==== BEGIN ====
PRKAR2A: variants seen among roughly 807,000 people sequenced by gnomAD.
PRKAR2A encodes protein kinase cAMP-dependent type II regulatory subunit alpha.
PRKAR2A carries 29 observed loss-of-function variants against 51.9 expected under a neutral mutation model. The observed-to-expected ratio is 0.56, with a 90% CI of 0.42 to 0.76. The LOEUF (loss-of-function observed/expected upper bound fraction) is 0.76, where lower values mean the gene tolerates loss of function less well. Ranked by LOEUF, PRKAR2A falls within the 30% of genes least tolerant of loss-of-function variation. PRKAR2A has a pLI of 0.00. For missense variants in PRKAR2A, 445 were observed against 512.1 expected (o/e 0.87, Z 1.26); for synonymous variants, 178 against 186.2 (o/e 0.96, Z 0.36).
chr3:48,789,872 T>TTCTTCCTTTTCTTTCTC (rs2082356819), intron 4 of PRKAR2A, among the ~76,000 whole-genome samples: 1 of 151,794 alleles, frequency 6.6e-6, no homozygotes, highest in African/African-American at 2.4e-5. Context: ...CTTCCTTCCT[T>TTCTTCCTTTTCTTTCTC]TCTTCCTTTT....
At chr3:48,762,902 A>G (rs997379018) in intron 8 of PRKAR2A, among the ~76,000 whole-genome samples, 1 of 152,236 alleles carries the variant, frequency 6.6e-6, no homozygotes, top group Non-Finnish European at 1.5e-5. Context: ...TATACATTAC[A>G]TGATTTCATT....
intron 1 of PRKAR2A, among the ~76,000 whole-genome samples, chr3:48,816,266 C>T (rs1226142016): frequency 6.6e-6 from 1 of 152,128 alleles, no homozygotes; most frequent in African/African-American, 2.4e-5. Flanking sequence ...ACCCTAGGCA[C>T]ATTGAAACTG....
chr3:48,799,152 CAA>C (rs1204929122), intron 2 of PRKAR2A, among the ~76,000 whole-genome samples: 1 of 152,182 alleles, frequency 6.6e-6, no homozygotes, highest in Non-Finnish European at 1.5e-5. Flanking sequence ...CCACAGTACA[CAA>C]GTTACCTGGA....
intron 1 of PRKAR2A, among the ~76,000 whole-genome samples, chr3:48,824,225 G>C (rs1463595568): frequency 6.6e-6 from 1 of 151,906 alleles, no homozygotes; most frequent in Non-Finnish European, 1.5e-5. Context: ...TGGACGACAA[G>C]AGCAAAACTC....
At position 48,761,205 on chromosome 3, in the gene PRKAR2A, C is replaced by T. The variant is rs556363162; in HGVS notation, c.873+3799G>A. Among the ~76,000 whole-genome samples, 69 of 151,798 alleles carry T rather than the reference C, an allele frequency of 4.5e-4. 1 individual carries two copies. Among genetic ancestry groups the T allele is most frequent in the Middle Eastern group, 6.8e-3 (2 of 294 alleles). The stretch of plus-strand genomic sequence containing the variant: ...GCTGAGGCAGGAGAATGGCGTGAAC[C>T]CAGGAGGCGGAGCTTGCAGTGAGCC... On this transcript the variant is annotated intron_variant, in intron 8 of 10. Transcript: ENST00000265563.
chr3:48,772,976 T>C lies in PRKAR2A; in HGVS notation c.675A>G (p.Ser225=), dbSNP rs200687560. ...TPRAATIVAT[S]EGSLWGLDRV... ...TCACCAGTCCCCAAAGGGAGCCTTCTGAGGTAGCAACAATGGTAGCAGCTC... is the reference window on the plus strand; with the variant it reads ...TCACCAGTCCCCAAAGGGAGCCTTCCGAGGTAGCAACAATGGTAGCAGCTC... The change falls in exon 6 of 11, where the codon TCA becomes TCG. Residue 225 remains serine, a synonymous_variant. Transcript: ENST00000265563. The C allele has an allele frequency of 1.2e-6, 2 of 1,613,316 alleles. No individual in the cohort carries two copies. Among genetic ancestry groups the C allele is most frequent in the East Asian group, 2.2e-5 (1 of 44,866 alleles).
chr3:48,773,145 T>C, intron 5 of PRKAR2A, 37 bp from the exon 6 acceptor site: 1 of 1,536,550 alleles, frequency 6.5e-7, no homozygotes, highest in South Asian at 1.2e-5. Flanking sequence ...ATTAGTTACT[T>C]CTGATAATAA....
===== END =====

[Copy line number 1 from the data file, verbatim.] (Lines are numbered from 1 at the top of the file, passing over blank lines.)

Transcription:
PRKAR2A: variants seen among roughly 807,000 people sequenced by gnomAD.